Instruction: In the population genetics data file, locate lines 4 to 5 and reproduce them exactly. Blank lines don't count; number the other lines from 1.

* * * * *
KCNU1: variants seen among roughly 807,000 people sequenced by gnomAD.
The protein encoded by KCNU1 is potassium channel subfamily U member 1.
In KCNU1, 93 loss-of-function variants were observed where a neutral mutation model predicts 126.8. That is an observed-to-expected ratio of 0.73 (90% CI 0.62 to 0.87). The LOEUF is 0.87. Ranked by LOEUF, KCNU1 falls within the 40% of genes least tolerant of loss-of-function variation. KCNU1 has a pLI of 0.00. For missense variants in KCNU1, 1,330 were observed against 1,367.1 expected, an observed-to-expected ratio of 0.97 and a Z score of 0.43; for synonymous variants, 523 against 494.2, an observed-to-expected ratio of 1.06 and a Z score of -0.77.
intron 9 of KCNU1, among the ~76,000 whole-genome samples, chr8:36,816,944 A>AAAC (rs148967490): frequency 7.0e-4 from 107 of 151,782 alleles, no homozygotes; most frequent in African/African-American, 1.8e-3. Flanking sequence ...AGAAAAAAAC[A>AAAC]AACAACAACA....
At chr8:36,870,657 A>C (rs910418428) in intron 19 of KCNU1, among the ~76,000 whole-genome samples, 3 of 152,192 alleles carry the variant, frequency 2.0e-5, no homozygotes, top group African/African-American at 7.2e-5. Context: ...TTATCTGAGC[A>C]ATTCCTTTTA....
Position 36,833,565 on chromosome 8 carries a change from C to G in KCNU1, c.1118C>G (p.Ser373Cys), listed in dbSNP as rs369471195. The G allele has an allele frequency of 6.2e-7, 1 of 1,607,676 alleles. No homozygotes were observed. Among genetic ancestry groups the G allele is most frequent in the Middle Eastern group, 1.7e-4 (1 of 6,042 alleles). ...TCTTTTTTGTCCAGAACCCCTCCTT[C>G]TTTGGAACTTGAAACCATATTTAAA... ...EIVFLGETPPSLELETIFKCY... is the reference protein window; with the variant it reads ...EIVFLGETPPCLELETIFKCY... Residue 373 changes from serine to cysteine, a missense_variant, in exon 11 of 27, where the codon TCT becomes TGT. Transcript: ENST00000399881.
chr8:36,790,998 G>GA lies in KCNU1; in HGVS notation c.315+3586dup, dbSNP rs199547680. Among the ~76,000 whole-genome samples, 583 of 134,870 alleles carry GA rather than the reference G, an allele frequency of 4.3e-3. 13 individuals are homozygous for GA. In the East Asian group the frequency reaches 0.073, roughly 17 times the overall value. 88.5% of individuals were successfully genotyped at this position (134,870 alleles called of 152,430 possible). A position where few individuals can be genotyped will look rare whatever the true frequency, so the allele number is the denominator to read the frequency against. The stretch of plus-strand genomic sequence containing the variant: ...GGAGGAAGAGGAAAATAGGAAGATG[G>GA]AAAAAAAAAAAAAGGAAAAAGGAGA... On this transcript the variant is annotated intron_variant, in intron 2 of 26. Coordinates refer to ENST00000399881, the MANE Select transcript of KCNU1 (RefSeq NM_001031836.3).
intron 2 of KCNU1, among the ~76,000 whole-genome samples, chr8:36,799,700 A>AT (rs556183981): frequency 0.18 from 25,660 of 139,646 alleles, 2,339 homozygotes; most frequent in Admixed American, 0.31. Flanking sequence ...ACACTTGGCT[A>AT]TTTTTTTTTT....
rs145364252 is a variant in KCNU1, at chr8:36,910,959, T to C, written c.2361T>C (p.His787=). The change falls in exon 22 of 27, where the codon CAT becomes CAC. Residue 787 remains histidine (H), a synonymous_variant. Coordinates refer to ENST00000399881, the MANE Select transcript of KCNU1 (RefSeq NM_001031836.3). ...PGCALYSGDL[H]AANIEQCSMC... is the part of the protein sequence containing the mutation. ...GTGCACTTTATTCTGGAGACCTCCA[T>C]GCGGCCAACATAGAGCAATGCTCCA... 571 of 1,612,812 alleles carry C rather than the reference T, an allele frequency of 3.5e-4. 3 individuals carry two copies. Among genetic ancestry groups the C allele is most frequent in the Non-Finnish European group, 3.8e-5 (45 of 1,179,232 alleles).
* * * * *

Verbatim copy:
intron 9 of KCNU1, among the ~76,000 whole-genome samples, chr8:36,816,944 A>AAAC (rs148967490): frequency 7.0e-4 from 107 of 151,782 alleles, no homozygotes; most frequent in African/African-American, 1.8e-3. Flanking sequence ...AGAAAAAAAC[A>AAAC]AACAACAACA....
At chr8:36,870,657 A>C (rs910418428) in intron 19 of KCNU1, among the ~76,000 whole-genome samples, 3 of 152,192 alleles carry the variant, frequency 2.0e-5, no homozygotes, top group African/African-American at 7.2e-5. Context: ...TTATCTGAGC[A>C]ATTCCTTTTA....